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Solving global challenges through technological innovation

Today more than ever, the world needs scientific and technological innovations to help us solve the global challenges that we are facing. The Millennium Technology Prize, awarded by Technology Academy Finland, recognises innovations that sustainably enhance people’s quality of life around the globe. The next Prize will be awarded in 2012.

Millions of people live without access to clean water and beyond the reach of even the most basic medical care. While those and other people’s justifiable ambition for a better life requires new sources of energy, we cannot allow such developments to destroy the environment we all depend on. Which is where the work done by Technology Academy Finland comes in.

Technology Academy Finland has taken the challenge of enhancing people’s quality of life by promoting scientific research and innovation based on humane values and encouraging the development of new technological solutions as its underlying mission.

Awarded by Technology Academy Finland, the Millennium Technology Prize is the world’s largest technology award and celebrates innovations that have a positive impact on the wellbeing of both people and the planet and enrich people’s everyday lives today and into the future.

The search for the winner of the 2012 Millennium Technology Prize is under way, and the call for nominations will last until July 31, 2011. Representatives of academies, universities, research institutions, and industrial communities worldwide can make nominations covering any field of technology.

The President of the Republic of Finland, Tarja Halonen, handed the €800,000 Grand Prize of the 2010 Millennium Technology Prize to Professor Grätzel in June 2010. The DSC technology that Professor Grätzel has developed shows great promise as a cheaper alternative to costly silicon solar cells and as an attractive candidate for generating low-cost renewable energy.

Opening up the way to cheap solar power

One of mankind’s greatest challenges is to reduce our dependence on the world’s diminishing supply of fossil fuels. The most obvious source we can turn to is the sun, the origin of most of the energy found on earth.

The dye-sensitised solar cell (DSC) technology developed by the winner of the 2010Millennium Technology Prize – Professor Michael Grätzel, Director of the Laboratory of Photonics and Interfaces at Ecole Polytechnique Fédérale de Lausanne (EPFL) – represents an exciting response to this challenge.

Grätzel’s dye-sensitised solar cells are third-generation photovoltaics and offer a very promising alternative to standard silicon photovoltaics, thanks to the ‘artificial photosynthesis’ they embody. They are also capable of generating electricity in even low light conditions.

DSC units are made of low-cost materials and do not require sophisticated manufacturing equipment. Compared to conventional siliconbased photovoltaics, DSC panels are flexible and lightweight and can be directly incorporated into building materials. As they can be manufactured in transparent form, they can be used in glass facades to generate electric power for buildings.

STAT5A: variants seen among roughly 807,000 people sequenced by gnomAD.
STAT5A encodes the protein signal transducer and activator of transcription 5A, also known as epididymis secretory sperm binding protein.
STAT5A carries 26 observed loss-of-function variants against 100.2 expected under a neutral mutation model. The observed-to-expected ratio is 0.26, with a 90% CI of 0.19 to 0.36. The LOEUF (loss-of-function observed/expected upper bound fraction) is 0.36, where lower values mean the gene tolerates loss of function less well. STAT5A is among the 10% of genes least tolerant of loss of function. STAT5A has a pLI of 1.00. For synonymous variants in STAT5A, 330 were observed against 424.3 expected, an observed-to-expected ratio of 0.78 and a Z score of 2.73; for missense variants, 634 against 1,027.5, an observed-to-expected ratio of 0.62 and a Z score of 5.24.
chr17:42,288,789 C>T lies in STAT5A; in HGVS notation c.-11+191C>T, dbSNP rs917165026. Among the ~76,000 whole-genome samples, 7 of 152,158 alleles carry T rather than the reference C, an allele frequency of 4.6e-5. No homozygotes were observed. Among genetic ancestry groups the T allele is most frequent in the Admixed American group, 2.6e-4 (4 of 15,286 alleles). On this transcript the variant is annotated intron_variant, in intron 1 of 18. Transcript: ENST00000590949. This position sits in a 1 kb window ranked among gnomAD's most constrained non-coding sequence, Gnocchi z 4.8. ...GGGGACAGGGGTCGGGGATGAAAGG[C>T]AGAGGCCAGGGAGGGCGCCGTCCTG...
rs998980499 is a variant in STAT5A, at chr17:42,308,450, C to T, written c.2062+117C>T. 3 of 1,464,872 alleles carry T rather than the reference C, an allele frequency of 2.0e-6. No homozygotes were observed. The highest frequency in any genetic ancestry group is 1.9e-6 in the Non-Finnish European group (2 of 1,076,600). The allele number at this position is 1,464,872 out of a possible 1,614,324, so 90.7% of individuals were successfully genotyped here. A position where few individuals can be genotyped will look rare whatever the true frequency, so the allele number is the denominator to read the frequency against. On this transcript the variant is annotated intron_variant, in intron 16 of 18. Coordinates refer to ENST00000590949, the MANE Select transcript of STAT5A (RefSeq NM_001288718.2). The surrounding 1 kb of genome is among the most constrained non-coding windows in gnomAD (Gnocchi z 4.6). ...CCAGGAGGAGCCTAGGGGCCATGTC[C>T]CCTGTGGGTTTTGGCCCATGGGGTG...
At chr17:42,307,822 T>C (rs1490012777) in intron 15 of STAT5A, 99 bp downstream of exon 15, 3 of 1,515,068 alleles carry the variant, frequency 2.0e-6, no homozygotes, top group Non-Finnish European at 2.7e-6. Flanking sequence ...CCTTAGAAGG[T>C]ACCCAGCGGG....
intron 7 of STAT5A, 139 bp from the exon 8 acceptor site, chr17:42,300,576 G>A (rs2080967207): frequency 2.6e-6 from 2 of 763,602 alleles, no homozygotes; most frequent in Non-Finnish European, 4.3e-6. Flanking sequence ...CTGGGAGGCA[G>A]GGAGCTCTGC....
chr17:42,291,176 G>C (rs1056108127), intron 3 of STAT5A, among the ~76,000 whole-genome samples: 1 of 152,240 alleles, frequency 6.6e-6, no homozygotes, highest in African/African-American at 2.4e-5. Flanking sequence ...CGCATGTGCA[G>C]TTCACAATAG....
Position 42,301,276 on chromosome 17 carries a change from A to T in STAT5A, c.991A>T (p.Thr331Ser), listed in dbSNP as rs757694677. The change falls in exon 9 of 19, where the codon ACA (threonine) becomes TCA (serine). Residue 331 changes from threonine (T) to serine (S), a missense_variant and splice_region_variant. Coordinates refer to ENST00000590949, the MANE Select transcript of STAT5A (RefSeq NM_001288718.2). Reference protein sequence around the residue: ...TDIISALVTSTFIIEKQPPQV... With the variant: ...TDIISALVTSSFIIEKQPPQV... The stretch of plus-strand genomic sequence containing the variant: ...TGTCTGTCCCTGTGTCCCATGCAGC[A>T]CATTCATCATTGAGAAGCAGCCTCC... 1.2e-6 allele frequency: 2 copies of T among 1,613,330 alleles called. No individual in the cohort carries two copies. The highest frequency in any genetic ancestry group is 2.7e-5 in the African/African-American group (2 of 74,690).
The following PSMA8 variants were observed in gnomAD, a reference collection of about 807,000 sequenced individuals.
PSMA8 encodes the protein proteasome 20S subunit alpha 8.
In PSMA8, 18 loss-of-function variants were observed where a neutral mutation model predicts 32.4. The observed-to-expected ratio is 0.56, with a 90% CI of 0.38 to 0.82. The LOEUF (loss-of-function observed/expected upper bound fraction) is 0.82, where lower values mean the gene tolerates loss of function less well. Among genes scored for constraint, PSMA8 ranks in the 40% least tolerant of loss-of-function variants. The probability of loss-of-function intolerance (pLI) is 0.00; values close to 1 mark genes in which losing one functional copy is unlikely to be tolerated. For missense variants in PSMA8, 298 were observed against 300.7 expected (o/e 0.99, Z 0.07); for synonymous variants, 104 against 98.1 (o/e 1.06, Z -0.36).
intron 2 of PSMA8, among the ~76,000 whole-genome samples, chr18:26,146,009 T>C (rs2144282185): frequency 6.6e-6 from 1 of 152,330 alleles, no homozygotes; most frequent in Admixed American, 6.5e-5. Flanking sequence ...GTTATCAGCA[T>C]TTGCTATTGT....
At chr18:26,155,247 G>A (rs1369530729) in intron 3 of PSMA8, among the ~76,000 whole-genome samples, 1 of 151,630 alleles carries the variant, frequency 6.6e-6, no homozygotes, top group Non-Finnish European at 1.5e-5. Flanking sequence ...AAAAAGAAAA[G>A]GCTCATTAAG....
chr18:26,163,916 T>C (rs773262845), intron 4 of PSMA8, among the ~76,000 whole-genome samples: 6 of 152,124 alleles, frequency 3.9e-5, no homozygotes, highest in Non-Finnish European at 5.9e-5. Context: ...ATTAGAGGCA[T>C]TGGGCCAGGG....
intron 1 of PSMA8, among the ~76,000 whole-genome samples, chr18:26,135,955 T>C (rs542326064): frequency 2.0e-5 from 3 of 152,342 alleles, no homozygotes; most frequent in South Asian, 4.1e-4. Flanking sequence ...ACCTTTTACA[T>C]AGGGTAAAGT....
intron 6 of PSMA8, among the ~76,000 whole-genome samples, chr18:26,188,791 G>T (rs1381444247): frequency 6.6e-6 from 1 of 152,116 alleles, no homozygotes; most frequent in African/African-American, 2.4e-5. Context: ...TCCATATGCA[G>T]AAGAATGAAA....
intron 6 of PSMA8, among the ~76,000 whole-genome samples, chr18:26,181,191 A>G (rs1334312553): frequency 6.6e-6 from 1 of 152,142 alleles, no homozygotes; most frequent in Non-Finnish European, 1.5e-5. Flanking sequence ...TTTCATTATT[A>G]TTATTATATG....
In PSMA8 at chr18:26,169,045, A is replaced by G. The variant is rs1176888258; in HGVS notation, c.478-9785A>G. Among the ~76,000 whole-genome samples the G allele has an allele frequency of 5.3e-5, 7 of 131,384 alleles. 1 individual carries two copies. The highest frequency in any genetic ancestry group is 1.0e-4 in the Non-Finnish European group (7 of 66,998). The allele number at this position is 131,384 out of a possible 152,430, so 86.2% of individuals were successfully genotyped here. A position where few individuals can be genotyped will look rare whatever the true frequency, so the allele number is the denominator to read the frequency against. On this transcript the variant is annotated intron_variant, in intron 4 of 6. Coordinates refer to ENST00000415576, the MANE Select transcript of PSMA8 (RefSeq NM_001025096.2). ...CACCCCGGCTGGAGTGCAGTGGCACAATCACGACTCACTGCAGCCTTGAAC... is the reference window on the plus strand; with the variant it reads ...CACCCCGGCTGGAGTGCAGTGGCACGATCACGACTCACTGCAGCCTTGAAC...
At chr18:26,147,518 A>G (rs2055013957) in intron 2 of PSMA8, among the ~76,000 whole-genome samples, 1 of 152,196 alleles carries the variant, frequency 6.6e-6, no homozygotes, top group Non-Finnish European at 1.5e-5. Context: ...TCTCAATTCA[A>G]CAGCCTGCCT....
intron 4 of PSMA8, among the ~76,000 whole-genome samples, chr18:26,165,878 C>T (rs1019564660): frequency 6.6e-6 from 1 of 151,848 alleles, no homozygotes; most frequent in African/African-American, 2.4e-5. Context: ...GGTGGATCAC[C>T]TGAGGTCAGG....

Grätzel cells have recently made their debut in consumer products. The next major step in their large-scale commercialisation could take place in the construction industry, where they could replace conventional materials in roofs, skylights, or walls.

Tackling the challenges of increasing energy consumption

The two other 2010 Millennium Laureates – whose innovations addresses some of the other challenges posed by the need for a more sustainable future – were each awarded prizes of €150,000.

The Organic Light Emitting Diodes (OLEDs) developed by Professor Sir Richard Friend, Cavendish Professor of Physics at the University of Cambridge, have been a crucial milestone in polymer electronics. Electronic paper, cheap organic solar cells, and illuminating wallpaper are just a few examples of the revolutionary future products that his work has made possible.

Stephen Furber, Professor of Computer Engineering at the University of Manchester, is the principal designer of the ARM 32-bit RISC microprocessor, an innovation that has revolutionised mobile electronics. This ingenious processor has played a central role in making the development of cheap, yet powerful handheld devices possible; and close to 20 billion ARM-based chips have been manufactured in the past 25 years.

Millennium Youth Camp

Today’s young people will have a key role in resolving tomorrow’s global challenges – and the goal of Technology Academy Finland’s international Millennium Youth Camp (MY Camp) is to encourage young people interested in mathematics, natural sciences, and technology and help them on their way to starting a career in these fields.

MY Camp is designed to offer young people aged between 16 and 19 an inspirational overview of Finnish expertise and top-level research in the natural sciences, mathematics, and technology. As part of the programme, students have the chance to network with each other and people in Finnish companies and organisations, as well as top scientists.

During the one-week-camp, participants are introduced to a number of Finnish companies and higher educational institutions. In addition to lectures, workshops, and visits to MY Camp partners, the programme includes project work supervised by experts and carried out in small multinational groups.

The first MY Camp was organised in June 2010 and the next one will be held in June 2011.

Participants at the first MY Camp, held in June 2010, had the chance to network with each other and people in Finnish companies and organisations, as well as top scientists.
> Jaana Kymäläinen
(Published in HighTech Finland 2011)